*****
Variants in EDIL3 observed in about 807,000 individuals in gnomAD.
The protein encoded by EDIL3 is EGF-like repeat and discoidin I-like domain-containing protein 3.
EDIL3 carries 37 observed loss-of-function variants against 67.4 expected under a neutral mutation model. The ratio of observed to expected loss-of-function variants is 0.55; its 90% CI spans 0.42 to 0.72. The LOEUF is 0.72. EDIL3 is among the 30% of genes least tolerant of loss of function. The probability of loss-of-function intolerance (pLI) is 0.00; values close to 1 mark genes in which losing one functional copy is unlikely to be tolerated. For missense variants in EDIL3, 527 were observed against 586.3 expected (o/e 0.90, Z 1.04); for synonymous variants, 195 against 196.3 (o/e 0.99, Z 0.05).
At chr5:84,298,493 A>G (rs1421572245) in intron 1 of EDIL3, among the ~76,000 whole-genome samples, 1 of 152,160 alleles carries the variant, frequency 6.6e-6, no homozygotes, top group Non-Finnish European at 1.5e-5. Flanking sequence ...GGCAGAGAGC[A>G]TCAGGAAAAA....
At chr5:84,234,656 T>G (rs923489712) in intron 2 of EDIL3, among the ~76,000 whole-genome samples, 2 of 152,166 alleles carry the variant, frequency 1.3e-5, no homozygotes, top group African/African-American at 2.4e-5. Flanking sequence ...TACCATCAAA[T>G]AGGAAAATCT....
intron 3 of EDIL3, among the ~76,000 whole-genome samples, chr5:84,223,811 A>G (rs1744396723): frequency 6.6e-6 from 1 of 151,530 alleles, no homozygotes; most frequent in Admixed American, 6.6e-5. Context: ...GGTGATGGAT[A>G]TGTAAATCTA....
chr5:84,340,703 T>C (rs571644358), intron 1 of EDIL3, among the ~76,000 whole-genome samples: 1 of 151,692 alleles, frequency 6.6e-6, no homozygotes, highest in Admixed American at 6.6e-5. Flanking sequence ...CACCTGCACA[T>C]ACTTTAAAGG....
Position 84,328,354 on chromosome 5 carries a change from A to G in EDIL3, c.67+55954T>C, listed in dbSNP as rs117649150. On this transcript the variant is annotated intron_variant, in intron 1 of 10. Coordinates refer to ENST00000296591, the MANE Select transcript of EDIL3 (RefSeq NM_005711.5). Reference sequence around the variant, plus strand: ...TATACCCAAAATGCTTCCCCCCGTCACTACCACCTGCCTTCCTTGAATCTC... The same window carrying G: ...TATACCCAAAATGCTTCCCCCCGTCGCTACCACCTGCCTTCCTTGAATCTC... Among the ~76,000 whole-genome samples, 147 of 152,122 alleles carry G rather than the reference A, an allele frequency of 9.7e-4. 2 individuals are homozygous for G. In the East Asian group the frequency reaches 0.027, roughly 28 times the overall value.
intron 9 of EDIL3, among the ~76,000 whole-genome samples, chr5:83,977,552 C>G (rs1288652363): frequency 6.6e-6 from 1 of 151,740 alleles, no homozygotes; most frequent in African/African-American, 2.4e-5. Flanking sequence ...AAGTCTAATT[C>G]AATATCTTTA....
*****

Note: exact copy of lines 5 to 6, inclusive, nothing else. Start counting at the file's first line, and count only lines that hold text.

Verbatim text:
At chr5:84,234,656 T>G (rs923489712) in intron 2 of EDIL3, among the ~76,000 whole-genome samples, 2 of 152,166 alleles carry the variant, frequency 1.3e-5, no homozygotes, top group African/African-American at 2.4e-5. Flanking sequence ...TACCATCAAA[T>G]AGGAAAATCT....
intron 3 of EDIL3, among the ~76,000 whole-genome samples, chr5:84,223,811 A>G (rs1744396723): frequency 6.6e-6 from 1 of 151,530 alleles, no homozygotes; most frequent in Admixed American, 6.6e-5. Context: ...GGTGATGGAT[A>G]TGTAAATCTA....